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Puerto Vallarta News NetworkNews Around the Republic of Mexico 

Mexico Could Be One Step Closer to Marriage Equality

June 9, 2015

Last week, the Mexican Supreme Court declared laws prohibiting same-sex couples from marrying in any state in Mexico are unconstitutional. The Court's official statement is expected this week.

The Supreme Court in the US is not the only court discussing same-sex marriage this month. Mexico's Supreme Court clerk Geraldina Gonzalez de la Vega has indicated the Mexican Supreme Court on Wednesday June 3, 2015 declared laws prohibiting same-sex couples from marrying in any state in Mexico are unconstitutional.

The official statement by the Court is expected this week, as is their custom. According to this ruling the federal law stating the goal of marriage is procreation and/or defines marriage as celebrating the union of a man and a woman is unconstitutional. This ruling was in response to a case in Colima.

Unlike the United States where a single marriage rulings applies broadly to all citizens, individual couples in Mexico get an amparo which relates specifically to their case. Five is a magic number in the Mexican legal system. When five amparos have been issued in a state, a legal precedent is then established and marriage equality is achieved.

The Supreme Court has now ruled that same-sex couples have the right to marry under the Mexican constitution in 5 states. Along with previous rulings from Oaxaca, Baja California, Sinaloa, and the State of México, the Supreme Court ruling forms a new "generic jurisprudence" binding on all judges. This ruling does not bind state registrars as registrars still have some discretion. Therefore same sex marriage is not binding throughout Mexico, yet. However, judges can order the registrars to do their job, as has already been done in several states, including Baja California.

So far these jurisdictions in Mexico have marriage equality: Federal District, Coahuila, and Quintana Roo. These jurisdictions have had their marriage bans stricken by Mexico's Supreme Court, and now must comply with marriage equality: Oaxaca, Baja California, Sinaloa, State of México, and Colima.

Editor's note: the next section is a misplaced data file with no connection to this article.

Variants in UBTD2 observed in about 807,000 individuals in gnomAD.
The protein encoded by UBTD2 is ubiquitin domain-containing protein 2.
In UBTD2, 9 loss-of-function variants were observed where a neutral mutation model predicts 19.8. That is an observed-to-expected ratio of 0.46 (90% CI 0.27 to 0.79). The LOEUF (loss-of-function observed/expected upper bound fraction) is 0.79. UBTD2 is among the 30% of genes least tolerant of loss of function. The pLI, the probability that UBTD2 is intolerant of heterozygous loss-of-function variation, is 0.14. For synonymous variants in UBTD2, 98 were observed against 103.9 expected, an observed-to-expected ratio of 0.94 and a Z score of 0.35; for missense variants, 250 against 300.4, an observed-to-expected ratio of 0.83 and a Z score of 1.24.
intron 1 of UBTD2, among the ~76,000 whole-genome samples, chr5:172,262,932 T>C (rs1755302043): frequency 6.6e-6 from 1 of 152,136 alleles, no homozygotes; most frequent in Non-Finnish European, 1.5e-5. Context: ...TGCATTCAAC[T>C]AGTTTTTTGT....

Here is a comparison of the same sex marriage issue in Mexico versus the United States according to J. Lester Feder, who covers global LGBT issues for BuzzFeed News. Some southern Mexican states have resisted marriage equality, but there hasn't yet been the same major backlash against same-sex marriage as there has been in the United States. Mexican couples have not rushed to marry as in the US, nor have conservative groups organized major protests in Mexico. Mexico has no prominent national LGBT rights organization pushing the marriage agenda as in the US but even the Catholic Church has done relatively little. Several Latin American countries, including Brazil, Argentina and Colombia, have either recognized same-sex marriages or appear close to doing so.

The Mexican Supreme Court has generally been very supportive of LGBT rights. Mexico overall has an very gay friendly reputation worldwide. Why is this important? LGBT tourism (buying power) is valued at $830 Billion in 2013. The LGBT travel to destinations that are safe and have laws that do not discriminate against them. 94% of LGBT state that the country's laws influence their travel destination choices. Our chances are much better in attracting the LGBT community if we recognize same sex marriage and have a gay friendly reputation. These are some of the historic decisions issued by the Mexican Supreme Court in support of the LGBT community.

On August 18, 2014 The Mexican Supreme Court (SCJ) issued a landmark protocol to guarantee the rights of the LGBT community and their access to justice in Mexico. The "Protocolo de Actuación" released by Chief Justice Ministro Presidente Juan N Silva Meza is expected to be a guide for judges and all those who administer justice in cases involving sexual orientation or gender identity.

Some historic statements made by Presidente Silva Meza are that any regression in human rights is a regression in democracy, and we must defend our democracy at all costs. It is our constitutional mandate to protect and ensure both the right of equality and non-discrimination to everyone in Mexico. Everyone has the right to "choose, freely and autonomously, how to live their life." A further historic statement indicates that physical appearance, sexual preferences and public display of affections are protected by the Mexican Constitution, and therefore the judges are required to resolve cases concerning the rights of lesbian, gay, bisexual, and transgender (LGBT) people based on a gender and sexual diversity perspective.

GAY PV is Mexico's gay magazine and travel guide for Puerto Vallarta, Mexico's #1 Gay destination. GAYPV features complete event listings, news, interviews, and around town photos of gay and friendly hotels, bars, dining and businesses. Download the travel app when on the go in Mexico.